The figures in Fremont's "Waiting for the Interurban" sculpture were hooded yesterday, a reference to the recent prison-abuse photos from the war in Iraq.
The figures in Fremont's "Waiting for the Interurban" sculpture were hooded yesterday, a reference to the recent prison-abuse photos from the war in Iraq. (May 17, 2004) Photo Credit: Mike Urban/Seattle Post-Intelligencer
A witness said the hoods were placed on the statues around noon. A chair next to the sculpture was also wired with jumper cables to look like an implement of torture, and a sign was duct-taped to a statue's leg announcing weekly peace vigils at Green Lake.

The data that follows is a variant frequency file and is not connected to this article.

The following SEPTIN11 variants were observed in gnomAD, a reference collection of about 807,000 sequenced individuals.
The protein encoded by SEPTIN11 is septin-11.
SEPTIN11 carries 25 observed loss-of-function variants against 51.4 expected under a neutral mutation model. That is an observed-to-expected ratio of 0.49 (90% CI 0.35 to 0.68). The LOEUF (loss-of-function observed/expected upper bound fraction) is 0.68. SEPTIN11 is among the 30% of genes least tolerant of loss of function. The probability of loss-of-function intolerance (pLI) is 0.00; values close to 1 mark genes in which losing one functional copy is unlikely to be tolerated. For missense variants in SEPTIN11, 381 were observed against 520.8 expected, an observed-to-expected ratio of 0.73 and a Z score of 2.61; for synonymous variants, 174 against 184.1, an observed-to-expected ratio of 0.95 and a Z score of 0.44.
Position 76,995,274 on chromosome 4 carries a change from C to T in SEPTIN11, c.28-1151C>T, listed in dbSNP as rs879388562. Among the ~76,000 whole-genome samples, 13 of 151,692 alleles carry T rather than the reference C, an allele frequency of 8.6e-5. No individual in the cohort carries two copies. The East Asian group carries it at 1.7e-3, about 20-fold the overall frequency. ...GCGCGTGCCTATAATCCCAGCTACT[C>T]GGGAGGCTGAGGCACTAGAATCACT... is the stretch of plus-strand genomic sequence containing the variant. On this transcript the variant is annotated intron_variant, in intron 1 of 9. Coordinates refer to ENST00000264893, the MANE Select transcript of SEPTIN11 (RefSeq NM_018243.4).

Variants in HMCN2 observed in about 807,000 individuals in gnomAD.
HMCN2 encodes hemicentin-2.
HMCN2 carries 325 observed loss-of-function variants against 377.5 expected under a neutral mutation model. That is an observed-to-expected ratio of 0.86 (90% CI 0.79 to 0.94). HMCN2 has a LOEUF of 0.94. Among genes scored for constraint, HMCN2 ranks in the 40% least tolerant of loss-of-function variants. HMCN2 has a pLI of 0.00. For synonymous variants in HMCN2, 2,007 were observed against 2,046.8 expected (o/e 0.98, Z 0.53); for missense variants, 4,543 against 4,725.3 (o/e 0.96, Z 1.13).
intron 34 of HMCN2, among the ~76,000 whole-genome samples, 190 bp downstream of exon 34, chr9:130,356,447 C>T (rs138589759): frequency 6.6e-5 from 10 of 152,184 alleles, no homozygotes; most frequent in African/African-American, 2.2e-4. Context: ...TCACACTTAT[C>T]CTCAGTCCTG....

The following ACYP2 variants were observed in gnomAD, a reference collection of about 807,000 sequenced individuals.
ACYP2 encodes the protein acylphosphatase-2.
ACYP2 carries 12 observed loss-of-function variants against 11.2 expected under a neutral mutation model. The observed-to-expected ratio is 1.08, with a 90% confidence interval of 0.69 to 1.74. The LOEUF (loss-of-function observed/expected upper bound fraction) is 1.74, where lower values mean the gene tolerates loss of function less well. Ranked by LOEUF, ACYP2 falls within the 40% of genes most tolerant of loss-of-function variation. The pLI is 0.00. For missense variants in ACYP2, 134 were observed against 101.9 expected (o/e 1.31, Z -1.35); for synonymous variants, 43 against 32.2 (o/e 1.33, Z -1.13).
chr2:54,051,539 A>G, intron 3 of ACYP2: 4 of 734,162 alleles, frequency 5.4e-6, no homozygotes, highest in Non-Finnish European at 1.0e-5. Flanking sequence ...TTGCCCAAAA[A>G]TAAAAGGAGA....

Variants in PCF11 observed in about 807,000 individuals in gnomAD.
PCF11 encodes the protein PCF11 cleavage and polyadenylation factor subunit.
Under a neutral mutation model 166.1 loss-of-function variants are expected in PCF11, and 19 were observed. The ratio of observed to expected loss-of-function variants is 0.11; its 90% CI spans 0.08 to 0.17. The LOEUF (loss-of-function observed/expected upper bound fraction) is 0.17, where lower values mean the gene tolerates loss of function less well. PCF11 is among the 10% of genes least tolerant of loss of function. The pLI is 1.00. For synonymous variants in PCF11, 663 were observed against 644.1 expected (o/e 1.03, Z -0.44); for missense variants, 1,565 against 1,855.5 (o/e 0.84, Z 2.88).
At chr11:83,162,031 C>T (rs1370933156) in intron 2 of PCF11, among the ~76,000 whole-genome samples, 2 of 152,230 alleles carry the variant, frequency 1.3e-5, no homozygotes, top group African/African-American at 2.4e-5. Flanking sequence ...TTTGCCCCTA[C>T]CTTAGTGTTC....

At one such vigil yesterday afternoon, about 120 protesters carried signs, and four wore black hoods similar to those placed on the Fremont sculpture. Organizers also stuck more than 700 small white crosses in the ground to represent the number of American soldiers killed in Iraq since the war began.
The Fremont sculpture, however, provided the day's most provocative anti-war statement. One man, who asked not to be named, said the hoods were like a punch to the kidneys. He said he felt the message was too strong following on the heels of the graphic photos that revealed torture and humiliation at the infamous Abu Ghraib prison.
But several drivers who stopped at the intersection approved of the message. One driver, Ono Lagattolla, said the hoods sent a "pretty powerful message" because the torture could be happening to anyone.
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